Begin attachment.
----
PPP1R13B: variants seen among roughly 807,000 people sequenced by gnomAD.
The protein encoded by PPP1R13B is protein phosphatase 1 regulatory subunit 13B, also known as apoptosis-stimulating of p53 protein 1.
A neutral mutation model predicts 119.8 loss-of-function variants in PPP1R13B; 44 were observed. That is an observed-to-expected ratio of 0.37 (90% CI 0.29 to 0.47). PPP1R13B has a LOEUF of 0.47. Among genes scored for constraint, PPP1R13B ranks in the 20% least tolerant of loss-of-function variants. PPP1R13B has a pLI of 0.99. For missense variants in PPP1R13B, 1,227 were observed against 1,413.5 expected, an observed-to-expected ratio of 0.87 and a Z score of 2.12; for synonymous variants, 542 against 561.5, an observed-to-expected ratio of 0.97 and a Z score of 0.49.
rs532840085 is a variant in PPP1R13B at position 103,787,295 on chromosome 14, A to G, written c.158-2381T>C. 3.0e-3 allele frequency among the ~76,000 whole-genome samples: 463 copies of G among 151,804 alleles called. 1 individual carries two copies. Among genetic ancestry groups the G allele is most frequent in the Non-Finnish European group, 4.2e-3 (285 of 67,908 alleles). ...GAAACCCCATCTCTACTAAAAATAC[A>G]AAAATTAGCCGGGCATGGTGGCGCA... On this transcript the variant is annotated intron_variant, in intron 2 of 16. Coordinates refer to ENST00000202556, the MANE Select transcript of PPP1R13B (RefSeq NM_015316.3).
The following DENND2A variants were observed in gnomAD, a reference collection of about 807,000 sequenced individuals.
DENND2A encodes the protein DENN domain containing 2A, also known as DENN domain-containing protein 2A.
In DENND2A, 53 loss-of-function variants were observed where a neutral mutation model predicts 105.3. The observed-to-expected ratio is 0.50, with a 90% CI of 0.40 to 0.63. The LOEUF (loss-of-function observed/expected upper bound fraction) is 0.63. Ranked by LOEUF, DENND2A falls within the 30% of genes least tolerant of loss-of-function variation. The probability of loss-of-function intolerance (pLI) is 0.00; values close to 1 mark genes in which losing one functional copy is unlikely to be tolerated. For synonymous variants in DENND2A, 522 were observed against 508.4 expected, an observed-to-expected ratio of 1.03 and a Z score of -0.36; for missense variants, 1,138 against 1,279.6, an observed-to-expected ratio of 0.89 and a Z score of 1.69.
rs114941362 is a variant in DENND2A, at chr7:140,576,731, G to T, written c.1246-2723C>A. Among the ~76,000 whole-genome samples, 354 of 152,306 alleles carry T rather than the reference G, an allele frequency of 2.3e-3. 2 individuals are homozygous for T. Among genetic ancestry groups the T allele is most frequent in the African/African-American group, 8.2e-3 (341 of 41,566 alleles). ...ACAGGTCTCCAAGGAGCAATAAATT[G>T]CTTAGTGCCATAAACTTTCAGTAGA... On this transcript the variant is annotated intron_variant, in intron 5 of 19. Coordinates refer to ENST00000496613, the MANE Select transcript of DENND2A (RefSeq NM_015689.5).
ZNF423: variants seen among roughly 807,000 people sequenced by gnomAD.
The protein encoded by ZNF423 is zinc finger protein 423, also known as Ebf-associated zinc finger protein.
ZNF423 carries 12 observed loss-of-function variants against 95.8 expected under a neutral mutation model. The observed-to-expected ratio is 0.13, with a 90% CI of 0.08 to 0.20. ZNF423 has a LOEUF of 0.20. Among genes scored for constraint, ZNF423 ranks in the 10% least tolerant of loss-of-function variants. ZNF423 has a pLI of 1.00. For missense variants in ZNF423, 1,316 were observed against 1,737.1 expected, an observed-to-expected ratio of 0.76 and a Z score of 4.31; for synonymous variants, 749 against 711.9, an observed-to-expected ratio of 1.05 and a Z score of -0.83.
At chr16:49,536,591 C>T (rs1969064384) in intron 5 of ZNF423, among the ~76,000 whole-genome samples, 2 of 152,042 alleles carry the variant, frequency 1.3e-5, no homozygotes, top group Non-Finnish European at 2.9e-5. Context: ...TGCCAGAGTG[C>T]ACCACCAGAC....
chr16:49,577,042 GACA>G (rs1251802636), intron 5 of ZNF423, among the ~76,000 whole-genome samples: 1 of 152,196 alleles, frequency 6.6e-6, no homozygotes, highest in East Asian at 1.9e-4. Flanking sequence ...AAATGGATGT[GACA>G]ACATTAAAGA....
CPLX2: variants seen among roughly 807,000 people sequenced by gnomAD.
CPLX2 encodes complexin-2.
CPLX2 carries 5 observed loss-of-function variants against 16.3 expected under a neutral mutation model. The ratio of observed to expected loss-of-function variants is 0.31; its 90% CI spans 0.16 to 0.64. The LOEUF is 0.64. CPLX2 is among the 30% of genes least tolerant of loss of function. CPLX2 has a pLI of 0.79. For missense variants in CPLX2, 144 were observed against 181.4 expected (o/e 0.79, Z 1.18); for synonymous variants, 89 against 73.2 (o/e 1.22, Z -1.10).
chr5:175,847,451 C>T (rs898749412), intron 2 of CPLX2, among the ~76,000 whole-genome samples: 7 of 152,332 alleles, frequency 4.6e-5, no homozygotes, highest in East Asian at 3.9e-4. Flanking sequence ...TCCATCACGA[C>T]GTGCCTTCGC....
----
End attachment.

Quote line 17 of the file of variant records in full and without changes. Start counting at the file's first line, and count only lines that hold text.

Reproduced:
chr5:175,847,451 C>T (rs898749412), intron 2 of CPLX2, among the ~76,000 whole-genome samples: 7 of 152,332 alleles, frequency 4.6e-5, no homozygotes, highest in East Asian at 3.9e-4. Flanking sequence ...TCCATCACGA[C>T]GTGCCTTCGC....